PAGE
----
The Charlatan is Carleton University’s independent student newspaper run separately from the School of Journalism.
Campus fraternities and soror- ities were banned from recruiting inside residence buildings Sept. 13, according to director of student af- fairs Ryan Flannagan.
The groups, which belong to the Carleton University Greek Council, were banned during their recruitment week, commonly re- ferred to as “rush week.”
“They were banned from rush- ing . . . in the residence areas. That includes all around the area and inside the residences,” Flannagan said.
“I did receive complaints from students and staff who said that they were banging on everyone’s doors over the course of the after- noon,” Flannagan said. “That’s something that’s against univer- sity policy. We don’t allow anyone into residence to knock on people’s doors to sell things — this includes salesmen, political organizations and the Greek community.”
First-year journalism student Harrison Boyd said he was an- noyed by the knocking.
“I’m surprised it was allowed to go on. I didn’t quite know what to do when five seniors showed up at my door unannounced and un- invited,” he said.
Although they can’t campaign actively in residence, Flannagan said they can still wear their fraternity or sorority shirts when visiting friends or getting food. However, they’re not allowed in the area in large numbers. Greeks can still re- cruit and congregate elsewhere on campus.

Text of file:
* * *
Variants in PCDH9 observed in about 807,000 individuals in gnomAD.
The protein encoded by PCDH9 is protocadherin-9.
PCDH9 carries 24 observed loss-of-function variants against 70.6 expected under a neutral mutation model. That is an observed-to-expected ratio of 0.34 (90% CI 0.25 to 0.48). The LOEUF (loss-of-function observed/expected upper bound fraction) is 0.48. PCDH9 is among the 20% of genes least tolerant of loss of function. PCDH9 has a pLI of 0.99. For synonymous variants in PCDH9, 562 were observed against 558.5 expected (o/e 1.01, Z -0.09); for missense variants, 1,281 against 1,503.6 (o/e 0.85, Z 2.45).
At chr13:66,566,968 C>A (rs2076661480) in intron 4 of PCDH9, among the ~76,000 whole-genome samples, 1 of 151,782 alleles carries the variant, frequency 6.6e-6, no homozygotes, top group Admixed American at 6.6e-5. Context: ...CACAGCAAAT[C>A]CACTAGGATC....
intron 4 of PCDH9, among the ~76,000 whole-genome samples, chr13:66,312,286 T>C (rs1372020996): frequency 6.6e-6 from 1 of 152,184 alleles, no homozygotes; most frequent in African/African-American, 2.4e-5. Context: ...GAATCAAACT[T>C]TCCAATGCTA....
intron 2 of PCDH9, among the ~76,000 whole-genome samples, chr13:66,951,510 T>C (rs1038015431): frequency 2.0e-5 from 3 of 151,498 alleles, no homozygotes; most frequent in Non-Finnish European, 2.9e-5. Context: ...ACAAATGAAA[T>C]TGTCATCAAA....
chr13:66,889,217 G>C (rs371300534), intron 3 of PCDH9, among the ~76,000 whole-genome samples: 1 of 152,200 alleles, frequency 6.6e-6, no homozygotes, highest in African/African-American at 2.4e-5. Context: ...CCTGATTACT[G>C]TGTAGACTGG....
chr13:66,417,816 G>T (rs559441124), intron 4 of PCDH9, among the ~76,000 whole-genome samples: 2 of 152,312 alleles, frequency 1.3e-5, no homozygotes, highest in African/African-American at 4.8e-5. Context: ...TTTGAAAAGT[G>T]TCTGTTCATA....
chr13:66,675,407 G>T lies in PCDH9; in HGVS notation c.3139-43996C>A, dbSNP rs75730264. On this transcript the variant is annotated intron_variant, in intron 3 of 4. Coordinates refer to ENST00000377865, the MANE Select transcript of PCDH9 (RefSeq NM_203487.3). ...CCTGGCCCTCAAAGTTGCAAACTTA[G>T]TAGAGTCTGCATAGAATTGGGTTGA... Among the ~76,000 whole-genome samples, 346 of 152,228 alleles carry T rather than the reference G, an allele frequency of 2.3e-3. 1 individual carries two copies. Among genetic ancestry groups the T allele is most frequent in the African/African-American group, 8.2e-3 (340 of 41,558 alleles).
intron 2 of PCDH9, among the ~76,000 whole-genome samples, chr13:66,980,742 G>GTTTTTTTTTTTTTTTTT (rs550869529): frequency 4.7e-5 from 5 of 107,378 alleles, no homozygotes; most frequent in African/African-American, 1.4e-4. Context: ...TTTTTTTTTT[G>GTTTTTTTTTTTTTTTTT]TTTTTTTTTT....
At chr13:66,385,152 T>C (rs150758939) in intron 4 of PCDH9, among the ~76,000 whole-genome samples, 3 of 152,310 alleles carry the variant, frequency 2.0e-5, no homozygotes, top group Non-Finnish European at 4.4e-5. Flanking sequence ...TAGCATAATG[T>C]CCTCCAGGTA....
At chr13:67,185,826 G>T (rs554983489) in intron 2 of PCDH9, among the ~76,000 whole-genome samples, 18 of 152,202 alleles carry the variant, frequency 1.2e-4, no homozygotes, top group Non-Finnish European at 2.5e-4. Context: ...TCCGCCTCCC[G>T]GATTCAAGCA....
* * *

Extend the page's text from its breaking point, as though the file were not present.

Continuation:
The ban hasn’t impacted the recruitment process very much, according to fourth-year public affairs and policy management student Kathryn Peer, also the vice-president for membership re- cruitment of the Alpha Omicron Pi sorority. Interest in the sorority is still high, she said.
Still, not all members of the Greek community recruit in the same way. Arif Merani, public relations rep- resentative for Kappa Sigma and fourth-year business law student, said the ban is a big problem.
“Not being able to go into residence is definitely a huge hit for us, because the majority of the re- cruitment comes from first years,” Merani said. “I would say at least 90 per cent of incoming members every year are first-year students or living on residence.”
Although he said it has been harder to recruit without having a presence on residence, Merani said the Greek community in general has “been on the upswing.”
“It’s just tough. We get a lot of people just going around resi- dence. Just being on campus really helps with the rush. We really have togooutofourwaytofindnew people, but I mean we’re doing well,” he said. “Our organization is the same, whether we’re on [residence] or not, and people will recognize it.”
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